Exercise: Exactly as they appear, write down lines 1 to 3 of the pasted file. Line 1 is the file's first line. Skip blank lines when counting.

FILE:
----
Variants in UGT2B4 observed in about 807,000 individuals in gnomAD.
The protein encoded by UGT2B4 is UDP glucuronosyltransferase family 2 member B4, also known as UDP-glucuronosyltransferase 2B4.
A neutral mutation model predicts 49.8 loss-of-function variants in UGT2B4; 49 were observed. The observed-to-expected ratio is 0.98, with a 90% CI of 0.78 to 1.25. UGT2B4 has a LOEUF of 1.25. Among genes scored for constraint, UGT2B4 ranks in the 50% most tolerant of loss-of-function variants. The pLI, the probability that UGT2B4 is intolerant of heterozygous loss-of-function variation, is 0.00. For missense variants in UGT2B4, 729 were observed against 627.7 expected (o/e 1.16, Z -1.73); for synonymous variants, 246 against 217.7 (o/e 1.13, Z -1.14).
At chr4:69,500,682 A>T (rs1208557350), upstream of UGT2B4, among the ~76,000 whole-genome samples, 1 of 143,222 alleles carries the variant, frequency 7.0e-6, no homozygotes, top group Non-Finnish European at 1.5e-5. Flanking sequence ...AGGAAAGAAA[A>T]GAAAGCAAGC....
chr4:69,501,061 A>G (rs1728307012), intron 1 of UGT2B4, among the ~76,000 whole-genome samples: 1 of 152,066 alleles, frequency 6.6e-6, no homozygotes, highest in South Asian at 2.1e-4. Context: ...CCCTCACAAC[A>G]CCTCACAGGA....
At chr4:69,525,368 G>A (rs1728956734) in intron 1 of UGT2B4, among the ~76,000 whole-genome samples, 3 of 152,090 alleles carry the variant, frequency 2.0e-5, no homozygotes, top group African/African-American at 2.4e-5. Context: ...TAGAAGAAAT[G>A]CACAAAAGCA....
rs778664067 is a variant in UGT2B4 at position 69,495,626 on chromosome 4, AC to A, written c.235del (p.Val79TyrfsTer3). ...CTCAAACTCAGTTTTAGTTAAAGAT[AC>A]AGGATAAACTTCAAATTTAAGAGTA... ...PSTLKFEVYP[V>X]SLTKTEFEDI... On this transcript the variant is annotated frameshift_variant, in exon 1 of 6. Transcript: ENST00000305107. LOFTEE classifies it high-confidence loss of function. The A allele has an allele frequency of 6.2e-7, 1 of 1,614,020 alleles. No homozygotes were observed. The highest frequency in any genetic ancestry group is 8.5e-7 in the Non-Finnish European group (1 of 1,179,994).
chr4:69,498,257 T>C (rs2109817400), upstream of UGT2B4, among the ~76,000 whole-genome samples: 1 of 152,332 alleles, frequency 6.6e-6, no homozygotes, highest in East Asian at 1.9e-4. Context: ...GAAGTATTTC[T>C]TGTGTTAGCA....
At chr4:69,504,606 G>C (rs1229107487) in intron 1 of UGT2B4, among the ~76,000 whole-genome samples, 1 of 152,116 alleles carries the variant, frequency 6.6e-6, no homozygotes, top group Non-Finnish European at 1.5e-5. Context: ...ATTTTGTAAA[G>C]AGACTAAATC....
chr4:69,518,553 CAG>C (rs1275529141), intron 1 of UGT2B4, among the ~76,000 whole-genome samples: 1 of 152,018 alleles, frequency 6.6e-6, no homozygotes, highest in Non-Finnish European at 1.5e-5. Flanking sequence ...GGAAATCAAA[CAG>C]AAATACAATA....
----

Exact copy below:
Variants in UGT2B4 observed in about 807,000 individuals in gnomAD.
The protein encoded by UGT2B4 is UDP glucuronosyltransferase family 2 member B4, also known as UDP-glucuronosyltransferase 2B4.
A neutral mutation model predicts 49.8 loss-of-function variants in UGT2B4; 49 were observed. The observed-to-expected ratio is 0.98, with a 90% CI of 0.78 to 1.25. UGT2B4 has a LOEUF of 1.25. Among genes scored for constraint, UGT2B4 ranks in the 50% most tolerant of loss-of-function variants. The pLI, the probability that UGT2B4 is intolerant of heterozygous loss-of-function variation, is 0.00. For missense variants in UGT2B4, 729 were observed against 627.7 expected (o/e 1.16, Z -1.73); for synonymous variants, 246 against 217.7 (o/e 1.13, Z -1.14).